Whilst you are not required to provide any evidence or exemption card, you may find that your employer requests this. From the employer’s perspective, we do think there is an argument that they may be entitled to understand on what basis you can’t wear a face covering, as they have to balance their health and safety obligations to their customers and employees. There is certainly an argument that an employer cannot provide reasonable adjustments (which waiving mask-wearing maybe) for a disability if they are unaware of what that disability is and how they can alleviate the disadvantage suffered. In short, it is in the employee’s interest to be as open and discursive as they can be about the reasons they cannot wear a mask.
If you wish to use an exemption card or badge, you can download an exemption card template here. You can then print these yourself or show them on a mobile device.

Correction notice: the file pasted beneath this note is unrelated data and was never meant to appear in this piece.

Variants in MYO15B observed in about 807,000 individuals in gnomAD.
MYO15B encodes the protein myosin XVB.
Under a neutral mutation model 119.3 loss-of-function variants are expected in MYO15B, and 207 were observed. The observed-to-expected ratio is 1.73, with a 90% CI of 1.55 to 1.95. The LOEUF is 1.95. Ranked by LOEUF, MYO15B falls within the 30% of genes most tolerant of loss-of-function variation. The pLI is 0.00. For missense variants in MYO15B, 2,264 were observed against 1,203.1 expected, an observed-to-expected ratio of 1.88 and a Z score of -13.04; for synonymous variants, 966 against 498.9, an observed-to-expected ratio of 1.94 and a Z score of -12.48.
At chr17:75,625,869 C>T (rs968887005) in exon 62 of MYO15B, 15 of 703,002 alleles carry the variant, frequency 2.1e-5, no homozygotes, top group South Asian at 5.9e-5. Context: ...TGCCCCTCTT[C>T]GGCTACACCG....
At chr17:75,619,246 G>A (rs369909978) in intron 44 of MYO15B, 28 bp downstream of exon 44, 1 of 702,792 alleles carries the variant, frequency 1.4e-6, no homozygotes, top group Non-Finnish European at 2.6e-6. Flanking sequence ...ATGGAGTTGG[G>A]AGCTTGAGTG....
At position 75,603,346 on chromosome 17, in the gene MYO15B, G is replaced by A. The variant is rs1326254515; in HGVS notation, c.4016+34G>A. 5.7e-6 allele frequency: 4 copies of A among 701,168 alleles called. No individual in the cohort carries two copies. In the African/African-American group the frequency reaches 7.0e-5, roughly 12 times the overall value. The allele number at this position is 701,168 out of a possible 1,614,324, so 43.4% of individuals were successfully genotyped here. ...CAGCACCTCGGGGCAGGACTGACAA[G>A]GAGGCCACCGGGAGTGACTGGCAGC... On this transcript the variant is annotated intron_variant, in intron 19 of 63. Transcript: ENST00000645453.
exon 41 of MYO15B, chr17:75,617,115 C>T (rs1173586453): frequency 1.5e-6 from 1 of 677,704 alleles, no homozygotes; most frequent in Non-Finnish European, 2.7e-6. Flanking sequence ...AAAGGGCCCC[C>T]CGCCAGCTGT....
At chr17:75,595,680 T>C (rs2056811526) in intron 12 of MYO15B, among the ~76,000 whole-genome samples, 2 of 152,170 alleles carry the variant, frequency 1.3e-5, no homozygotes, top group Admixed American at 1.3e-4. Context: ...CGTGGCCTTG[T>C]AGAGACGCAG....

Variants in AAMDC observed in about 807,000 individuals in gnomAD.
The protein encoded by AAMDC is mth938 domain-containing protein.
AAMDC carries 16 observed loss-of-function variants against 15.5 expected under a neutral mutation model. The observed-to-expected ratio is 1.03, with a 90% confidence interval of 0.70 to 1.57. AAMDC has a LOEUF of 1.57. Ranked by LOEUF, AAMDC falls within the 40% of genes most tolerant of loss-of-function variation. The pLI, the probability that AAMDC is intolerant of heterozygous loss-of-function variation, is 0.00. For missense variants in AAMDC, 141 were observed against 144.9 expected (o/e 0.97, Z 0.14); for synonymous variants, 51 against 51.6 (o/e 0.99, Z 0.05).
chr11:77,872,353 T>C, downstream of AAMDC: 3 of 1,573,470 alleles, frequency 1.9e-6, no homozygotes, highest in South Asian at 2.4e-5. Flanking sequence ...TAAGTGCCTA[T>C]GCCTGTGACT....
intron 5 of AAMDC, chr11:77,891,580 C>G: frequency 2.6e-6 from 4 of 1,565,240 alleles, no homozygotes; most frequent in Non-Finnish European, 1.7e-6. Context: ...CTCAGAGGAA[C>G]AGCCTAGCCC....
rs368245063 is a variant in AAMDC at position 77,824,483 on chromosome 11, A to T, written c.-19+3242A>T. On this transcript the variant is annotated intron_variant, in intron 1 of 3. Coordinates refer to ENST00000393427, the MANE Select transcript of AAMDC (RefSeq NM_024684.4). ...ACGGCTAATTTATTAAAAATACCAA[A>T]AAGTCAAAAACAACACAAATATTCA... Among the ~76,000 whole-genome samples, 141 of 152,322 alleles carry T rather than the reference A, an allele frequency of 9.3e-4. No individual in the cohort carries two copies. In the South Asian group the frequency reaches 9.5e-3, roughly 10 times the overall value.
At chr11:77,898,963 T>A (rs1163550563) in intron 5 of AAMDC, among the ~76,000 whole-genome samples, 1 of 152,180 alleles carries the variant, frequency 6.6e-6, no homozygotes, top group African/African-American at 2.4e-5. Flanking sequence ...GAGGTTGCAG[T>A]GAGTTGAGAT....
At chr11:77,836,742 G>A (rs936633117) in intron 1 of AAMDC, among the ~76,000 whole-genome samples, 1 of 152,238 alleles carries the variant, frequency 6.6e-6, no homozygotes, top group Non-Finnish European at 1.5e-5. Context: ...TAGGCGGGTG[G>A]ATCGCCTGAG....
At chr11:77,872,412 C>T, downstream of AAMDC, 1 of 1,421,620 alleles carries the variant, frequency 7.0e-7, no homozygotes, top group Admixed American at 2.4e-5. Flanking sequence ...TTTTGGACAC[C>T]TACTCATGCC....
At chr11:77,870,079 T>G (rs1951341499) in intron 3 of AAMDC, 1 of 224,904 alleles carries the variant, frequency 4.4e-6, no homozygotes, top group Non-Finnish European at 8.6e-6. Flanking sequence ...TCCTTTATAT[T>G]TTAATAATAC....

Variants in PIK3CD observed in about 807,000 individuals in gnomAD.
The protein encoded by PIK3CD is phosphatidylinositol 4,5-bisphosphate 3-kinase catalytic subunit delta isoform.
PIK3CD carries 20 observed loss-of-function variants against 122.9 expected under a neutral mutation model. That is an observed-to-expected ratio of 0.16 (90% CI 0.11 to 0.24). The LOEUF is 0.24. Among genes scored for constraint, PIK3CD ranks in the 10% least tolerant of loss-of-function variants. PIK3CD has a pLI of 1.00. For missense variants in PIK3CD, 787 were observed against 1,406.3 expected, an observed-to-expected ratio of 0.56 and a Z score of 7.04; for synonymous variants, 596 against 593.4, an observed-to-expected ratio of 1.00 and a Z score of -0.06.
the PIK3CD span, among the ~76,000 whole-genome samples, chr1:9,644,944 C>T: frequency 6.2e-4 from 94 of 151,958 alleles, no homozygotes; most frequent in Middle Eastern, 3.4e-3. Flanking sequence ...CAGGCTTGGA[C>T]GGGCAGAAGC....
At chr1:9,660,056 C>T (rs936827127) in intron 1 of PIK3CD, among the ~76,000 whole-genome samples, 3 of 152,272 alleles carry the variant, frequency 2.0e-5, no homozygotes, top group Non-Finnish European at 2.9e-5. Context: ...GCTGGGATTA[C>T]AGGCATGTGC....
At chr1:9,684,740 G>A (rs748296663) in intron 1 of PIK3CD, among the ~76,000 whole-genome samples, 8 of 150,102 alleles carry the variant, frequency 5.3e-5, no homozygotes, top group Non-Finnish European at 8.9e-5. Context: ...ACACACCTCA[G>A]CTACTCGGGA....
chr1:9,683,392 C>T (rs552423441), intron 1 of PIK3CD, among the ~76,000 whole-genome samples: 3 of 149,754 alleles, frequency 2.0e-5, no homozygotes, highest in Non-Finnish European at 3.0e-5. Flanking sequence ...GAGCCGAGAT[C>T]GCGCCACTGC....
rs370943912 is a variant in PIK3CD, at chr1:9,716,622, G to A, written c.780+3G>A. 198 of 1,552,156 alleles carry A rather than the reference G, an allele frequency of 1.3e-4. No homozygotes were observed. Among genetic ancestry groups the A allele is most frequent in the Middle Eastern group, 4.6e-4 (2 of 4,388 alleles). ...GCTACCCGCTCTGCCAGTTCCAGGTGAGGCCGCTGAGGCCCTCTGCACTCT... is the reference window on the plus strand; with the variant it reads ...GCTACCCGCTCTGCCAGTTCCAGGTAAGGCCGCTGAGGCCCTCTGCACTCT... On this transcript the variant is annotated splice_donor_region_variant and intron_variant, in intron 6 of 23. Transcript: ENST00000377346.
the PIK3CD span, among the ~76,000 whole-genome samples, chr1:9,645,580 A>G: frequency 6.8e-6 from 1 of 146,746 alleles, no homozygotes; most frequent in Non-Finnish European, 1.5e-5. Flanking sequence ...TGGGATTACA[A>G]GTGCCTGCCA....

Can I be dismissed for refusing to wear a face-covering? What does the Tribunal say?
In Kubilius v Kent Foods Limited, the Employment Tribunal found that the employee was fairly dismissed for his refusal to wear a mask. The Claimant was a lorry driver, and drove to a client’s location, where he then refused to put a mask on. This was before mask wearing was legally mandated; in fact, at this time (May 2020) masks were optional under the Government guidance.
Nevertheless, it was found to be lawful request by an employer that the employee should wear a mask at all times whilst on client’s premises. Furthermore, in this case, it was found that the Claimant’s “continued insistence that he had done nothing wrong” caused his employer to “reasonably lose confidence in his future conduct”. It was also found that, in the alternative, he could have been dismissed for some other substantial reason, as the client banned him from their site, which made it impossible to perform his role moving forward.